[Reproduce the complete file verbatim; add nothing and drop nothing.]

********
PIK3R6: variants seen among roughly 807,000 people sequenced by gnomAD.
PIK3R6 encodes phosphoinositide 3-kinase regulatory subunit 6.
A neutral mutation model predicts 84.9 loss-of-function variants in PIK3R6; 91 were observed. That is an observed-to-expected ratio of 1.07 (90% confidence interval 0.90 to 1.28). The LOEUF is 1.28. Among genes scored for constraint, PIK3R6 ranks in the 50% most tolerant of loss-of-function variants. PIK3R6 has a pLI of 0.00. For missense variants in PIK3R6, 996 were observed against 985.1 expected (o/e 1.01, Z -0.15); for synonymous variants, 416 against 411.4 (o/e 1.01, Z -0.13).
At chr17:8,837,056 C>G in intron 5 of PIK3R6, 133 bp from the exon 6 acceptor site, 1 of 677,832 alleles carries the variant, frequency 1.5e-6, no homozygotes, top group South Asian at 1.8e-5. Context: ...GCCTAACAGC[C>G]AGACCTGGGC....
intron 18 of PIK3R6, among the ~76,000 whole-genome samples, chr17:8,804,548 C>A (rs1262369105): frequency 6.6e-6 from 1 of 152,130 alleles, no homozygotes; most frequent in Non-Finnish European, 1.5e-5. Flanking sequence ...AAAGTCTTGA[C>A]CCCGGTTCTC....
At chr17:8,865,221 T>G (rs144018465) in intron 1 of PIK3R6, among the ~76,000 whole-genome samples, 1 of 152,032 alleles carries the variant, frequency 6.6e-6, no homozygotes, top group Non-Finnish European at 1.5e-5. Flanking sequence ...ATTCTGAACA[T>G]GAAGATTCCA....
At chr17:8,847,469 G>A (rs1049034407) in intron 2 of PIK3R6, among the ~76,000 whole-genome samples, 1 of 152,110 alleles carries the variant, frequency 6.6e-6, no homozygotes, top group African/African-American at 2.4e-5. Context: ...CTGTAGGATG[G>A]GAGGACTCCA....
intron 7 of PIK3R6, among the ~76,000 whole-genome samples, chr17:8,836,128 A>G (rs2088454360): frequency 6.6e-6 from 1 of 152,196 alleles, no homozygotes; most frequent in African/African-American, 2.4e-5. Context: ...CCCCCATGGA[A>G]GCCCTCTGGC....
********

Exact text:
PIK3R6: variants seen among roughly 807,000 people sequenced by gnomAD.
PIK3R6 encodes phosphoinositide 3-kinase regulatory subunit 6.
A neutral mutation model predicts 84.9 loss-of-function variants in PIK3R6; 91 were observed. That is an observed-to-expected ratio of 1.07 (90% confidence interval 0.90 to 1.28). The LOEUF is 1.28. Among genes scored for constraint, PIK3R6 ranks in the 50% most tolerant of loss-of-function variants. PIK3R6 has a pLI of 0.00. For missense variants in PIK3R6, 996 were observed against 985.1 expected (o/e 1.01, Z -0.15); for synonymous variants, 416 against 411.4 (o/e 1.01, Z -0.13).
At chr17:8,837,056 C>G in intron 5 of PIK3R6, 133 bp from the exon 6 acceptor site, 1 of 677,832 alleles carries the variant, frequency 1.5e-6, no homozygotes, top group South Asian at 1.8e-5. Context: ...GCCTAACAGC[C>G]AGACCTGGGC....
intron 18 of PIK3R6, among the ~76,000 whole-genome samples, chr17:8,804,548 C>A (rs1262369105): frequency 6.6e-6 from 1 of 152,130 alleles, no homozygotes; most frequent in Non-Finnish European, 1.5e-5. Flanking sequence ...AAAGTCTTGA[C>A]CCCGGTTCTC....
At chr17:8,865,221 T>G (rs144018465) in intron 1 of PIK3R6, among the ~76,000 whole-genome samples, 1 of 152,032 alleles carries the variant, frequency 6.6e-6, no homozygotes, top group Non-Finnish European at 1.5e-5. Flanking sequence ...ATTCTGAACA[T>G]GAAGATTCCA....
At chr17:8,847,469 G>A (rs1049034407) in intron 2 of PIK3R6, among the ~76,000 whole-genome samples, 1 of 152,110 alleles carries the variant, frequency 6.6e-6, no homozygotes, top group African/African-American at 2.4e-5. Context: ...CTGTAGGATG[G>A]GAGGACTCCA....
intron 7 of PIK3R6, among the ~76,000 whole-genome samples, chr17:8,836,128 A>G (rs2088454360): frequency 6.6e-6 from 1 of 152,196 alleles, no homozygotes; most frequent in African/African-American, 2.4e-5. Context: ...CCCCCATGGA[A>G]GCCCTCTGGC....